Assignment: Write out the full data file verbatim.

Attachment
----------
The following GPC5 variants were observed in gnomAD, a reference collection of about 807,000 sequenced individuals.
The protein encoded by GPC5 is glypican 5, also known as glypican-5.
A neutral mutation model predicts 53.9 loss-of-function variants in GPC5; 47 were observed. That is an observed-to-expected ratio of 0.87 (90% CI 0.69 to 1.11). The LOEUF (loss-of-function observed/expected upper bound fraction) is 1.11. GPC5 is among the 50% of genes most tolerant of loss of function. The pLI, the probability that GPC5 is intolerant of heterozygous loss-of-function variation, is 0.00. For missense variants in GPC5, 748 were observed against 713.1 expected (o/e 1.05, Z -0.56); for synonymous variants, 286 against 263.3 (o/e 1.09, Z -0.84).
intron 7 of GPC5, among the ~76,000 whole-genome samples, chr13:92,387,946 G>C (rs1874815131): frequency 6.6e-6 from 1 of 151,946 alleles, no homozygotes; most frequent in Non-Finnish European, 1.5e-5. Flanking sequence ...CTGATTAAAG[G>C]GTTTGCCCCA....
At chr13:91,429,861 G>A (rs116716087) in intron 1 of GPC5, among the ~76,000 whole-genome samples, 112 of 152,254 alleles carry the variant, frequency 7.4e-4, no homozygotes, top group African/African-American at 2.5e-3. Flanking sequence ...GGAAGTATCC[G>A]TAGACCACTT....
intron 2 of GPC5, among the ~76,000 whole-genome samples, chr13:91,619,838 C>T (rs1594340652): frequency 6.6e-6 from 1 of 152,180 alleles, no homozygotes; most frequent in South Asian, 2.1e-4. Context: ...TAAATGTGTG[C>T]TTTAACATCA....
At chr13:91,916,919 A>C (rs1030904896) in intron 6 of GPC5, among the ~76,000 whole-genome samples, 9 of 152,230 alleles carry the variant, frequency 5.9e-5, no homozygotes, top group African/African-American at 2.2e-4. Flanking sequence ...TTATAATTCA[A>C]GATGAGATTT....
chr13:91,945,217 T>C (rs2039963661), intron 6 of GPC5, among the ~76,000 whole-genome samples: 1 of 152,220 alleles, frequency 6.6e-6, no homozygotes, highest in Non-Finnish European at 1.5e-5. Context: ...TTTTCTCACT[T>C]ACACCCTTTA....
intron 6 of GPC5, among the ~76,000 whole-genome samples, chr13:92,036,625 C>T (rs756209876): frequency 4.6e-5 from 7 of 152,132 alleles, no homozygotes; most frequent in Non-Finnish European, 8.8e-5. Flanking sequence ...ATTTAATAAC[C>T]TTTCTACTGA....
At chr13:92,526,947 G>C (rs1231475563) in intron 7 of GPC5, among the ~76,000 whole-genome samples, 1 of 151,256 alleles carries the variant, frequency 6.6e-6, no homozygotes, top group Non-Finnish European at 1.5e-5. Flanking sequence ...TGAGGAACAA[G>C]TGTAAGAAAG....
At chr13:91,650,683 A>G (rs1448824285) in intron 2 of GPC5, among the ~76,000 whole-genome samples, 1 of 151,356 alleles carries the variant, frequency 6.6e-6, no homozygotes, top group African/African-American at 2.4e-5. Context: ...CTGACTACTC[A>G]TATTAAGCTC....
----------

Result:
The following GPC5 variants were observed in gnomAD, a reference collection of about 807,000 sequenced individuals.
The protein encoded by GPC5 is glypican 5, also known as glypican-5.
A neutral mutation model predicts 53.9 loss-of-function variants in GPC5; 47 were observed. That is an observed-to-expected ratio of 0.87 (90% CI 0.69 to 1.11). The LOEUF (loss-of-function observed/expected upper bound fraction) is 1.11. GPC5 is among the 50% of genes most tolerant of loss of function. The pLI, the probability that GPC5 is intolerant of heterozygous loss-of-function variation, is 0.00. For missense variants in GPC5, 748 were observed against 713.1 expected (o/e 1.05, Z -0.56); for synonymous variants, 286 against 263.3 (o/e 1.09, Z -0.84).
intron 7 of GPC5, among the ~76,000 whole-genome samples, chr13:92,387,946 G>C (rs1874815131): frequency 6.6e-6 from 1 of 151,946 alleles, no homozygotes; most frequent in Non-Finnish European, 1.5e-5. Flanking sequence ...CTGATTAAAG[G>C]GTTTGCCCCA....
At chr13:91,429,861 G>A (rs116716087) in intron 1 of GPC5, among the ~76,000 whole-genome samples, 112 of 152,254 alleles carry the variant, frequency 7.4e-4, no homozygotes, top group African/African-American at 2.5e-3. Flanking sequence ...GGAAGTATCC[G>A]TAGACCACTT....
intron 2 of GPC5, among the ~76,000 whole-genome samples, chr13:91,619,838 C>T (rs1594340652): frequency 6.6e-6 from 1 of 152,180 alleles, no homozygotes; most frequent in South Asian, 2.1e-4. Context: ...TAAATGTGTG[C>T]TTTAACATCA....
At chr13:91,916,919 A>C (rs1030904896) in intron 6 of GPC5, among the ~76,000 whole-genome samples, 9 of 152,230 alleles carry the variant, frequency 5.9e-5, no homozygotes, top group African/African-American at 2.2e-4. Flanking sequence ...TTATAATTCA[A>C]GATGAGATTT....
chr13:91,945,217 T>C (rs2039963661), intron 6 of GPC5, among the ~76,000 whole-genome samples: 1 of 152,220 alleles, frequency 6.6e-6, no homozygotes, highest in Non-Finnish European at 1.5e-5. Context: ...TTTTCTCACT[T>C]ACACCCTTTA....
intron 6 of GPC5, among the ~76,000 whole-genome samples, chr13:92,036,625 C>T (rs756209876): frequency 4.6e-5 from 7 of 152,132 alleles, no homozygotes; most frequent in Non-Finnish European, 8.8e-5. Flanking sequence ...ATTTAATAAC[C>T]TTTCTACTGA....
At chr13:92,526,947 G>C (rs1231475563) in intron 7 of GPC5, among the ~76,000 whole-genome samples, 1 of 151,256 alleles carries the variant, frequency 6.6e-6, no homozygotes, top group Non-Finnish European at 1.5e-5. Flanking sequence ...TGAGGAACAA[G>C]TGTAAGAAAG....
At chr13:91,650,683 A>G (rs1448824285) in intron 2 of GPC5, among the ~76,000 whole-genome samples, 1 of 151,356 alleles carries the variant, frequency 6.6e-6, no homozygotes, top group African/African-American at 2.4e-5. Context: ...CTGACTACTC[A>G]TATTAAGCTC....